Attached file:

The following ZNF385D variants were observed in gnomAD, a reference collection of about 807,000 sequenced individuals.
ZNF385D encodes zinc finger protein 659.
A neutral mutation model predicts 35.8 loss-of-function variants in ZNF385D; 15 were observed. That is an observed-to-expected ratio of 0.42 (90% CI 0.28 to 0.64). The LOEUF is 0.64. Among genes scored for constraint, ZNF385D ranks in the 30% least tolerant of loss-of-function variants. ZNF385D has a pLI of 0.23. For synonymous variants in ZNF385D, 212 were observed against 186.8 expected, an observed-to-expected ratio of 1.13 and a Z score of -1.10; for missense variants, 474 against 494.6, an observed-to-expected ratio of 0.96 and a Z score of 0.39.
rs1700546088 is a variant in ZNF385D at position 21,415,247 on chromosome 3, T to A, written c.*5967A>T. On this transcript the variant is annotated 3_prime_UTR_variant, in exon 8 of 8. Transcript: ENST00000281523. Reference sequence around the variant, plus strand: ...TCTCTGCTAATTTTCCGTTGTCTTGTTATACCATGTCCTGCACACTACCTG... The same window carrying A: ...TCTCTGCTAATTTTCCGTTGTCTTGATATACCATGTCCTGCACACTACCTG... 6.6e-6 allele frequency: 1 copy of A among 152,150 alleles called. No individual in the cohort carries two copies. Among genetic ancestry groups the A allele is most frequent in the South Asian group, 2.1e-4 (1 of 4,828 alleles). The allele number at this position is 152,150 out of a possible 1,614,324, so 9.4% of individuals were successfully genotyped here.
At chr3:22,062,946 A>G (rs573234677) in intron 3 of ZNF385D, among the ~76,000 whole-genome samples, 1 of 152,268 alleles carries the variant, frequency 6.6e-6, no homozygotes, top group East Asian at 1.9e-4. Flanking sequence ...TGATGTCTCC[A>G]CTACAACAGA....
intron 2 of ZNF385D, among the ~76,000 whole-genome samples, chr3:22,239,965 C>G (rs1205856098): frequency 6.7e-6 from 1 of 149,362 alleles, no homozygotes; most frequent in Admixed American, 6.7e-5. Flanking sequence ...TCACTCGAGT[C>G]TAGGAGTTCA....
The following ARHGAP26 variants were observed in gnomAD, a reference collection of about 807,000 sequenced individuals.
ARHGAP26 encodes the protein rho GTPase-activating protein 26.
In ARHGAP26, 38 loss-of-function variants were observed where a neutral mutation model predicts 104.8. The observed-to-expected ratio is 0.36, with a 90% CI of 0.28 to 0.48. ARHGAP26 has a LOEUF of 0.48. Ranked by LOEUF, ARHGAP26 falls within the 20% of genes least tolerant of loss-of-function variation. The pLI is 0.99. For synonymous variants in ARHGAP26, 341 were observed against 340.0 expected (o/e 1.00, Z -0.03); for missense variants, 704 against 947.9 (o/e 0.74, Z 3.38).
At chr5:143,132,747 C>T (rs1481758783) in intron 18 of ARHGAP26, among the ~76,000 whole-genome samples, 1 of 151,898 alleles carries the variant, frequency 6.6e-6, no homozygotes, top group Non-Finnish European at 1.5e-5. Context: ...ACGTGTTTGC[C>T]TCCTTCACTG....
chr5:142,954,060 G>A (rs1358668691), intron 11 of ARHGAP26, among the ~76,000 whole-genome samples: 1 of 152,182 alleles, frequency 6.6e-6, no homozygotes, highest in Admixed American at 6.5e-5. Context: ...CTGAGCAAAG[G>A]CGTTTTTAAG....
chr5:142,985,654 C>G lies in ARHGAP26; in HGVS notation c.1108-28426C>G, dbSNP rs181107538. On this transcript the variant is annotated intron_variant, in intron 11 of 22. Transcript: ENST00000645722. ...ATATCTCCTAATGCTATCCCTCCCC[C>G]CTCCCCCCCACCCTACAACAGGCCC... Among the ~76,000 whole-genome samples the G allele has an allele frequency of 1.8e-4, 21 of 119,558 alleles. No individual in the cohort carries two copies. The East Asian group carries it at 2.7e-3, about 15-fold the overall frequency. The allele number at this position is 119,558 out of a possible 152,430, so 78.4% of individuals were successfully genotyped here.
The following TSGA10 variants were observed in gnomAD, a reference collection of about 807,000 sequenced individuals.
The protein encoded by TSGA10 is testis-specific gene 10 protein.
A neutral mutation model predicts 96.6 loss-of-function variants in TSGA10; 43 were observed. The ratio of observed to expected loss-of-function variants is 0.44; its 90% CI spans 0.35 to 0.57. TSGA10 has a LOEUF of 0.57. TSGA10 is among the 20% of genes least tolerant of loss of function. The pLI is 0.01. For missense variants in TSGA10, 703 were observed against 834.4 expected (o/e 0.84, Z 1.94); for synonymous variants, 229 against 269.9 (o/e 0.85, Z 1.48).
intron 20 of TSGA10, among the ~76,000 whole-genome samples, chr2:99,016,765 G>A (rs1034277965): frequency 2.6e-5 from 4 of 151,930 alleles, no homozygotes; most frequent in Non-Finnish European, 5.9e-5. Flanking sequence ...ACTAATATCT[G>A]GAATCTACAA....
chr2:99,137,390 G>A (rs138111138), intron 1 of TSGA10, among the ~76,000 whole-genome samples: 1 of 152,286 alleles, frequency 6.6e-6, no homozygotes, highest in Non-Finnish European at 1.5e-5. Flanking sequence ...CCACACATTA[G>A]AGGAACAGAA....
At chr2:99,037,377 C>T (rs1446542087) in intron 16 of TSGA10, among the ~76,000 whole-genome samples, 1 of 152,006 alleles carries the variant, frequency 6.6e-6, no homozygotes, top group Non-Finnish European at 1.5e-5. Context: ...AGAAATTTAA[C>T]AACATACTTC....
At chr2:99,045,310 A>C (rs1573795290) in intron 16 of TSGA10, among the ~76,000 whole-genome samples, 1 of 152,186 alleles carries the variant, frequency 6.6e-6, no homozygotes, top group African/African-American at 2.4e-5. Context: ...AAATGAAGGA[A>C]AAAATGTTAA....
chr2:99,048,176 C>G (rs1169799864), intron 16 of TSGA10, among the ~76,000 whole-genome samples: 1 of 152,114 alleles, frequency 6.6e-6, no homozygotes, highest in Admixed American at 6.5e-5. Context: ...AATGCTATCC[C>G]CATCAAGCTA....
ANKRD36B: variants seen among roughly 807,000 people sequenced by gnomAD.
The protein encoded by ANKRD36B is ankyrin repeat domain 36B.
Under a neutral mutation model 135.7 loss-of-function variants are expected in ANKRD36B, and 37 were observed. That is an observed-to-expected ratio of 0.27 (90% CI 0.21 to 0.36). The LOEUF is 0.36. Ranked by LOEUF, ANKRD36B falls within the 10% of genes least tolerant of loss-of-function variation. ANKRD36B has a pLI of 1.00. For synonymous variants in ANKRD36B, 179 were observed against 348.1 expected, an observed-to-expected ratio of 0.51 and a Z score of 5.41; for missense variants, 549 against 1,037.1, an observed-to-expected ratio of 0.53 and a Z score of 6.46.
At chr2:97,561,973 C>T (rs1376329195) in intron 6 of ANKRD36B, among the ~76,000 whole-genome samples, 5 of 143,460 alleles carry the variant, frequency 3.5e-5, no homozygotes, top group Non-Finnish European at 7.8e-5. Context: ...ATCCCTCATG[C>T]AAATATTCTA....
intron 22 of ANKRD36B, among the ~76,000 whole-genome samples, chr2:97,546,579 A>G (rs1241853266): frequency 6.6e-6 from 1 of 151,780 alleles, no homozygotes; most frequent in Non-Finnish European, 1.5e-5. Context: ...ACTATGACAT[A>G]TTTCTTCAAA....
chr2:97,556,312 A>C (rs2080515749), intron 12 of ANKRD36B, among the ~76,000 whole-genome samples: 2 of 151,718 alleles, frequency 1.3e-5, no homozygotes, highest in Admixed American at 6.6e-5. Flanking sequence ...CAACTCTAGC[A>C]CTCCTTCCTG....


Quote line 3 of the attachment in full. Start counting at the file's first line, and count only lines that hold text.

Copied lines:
A neutral mutation model predicts 35.8 loss-of-function variants in ZNF385D; 15 were observed. That is an observed-to-expected ratio of 0.42 (90% CI 0.28 to 0.64). The LOEUF is 0.64. Among genes scored for constraint, ZNF385D ranks in the 30% least tolerant of loss-of-function variants. ZNF385D has a pLI of 0.23. For synonymous variants in ZNF385D, 212 were observed against 186.8 expected, an observed-to-expected ratio of 1.13 and a Z score of -1.10; for missense variants, 474 against 494.6, an observed-to-expected ratio of 0.96 and a Z score of 0.39.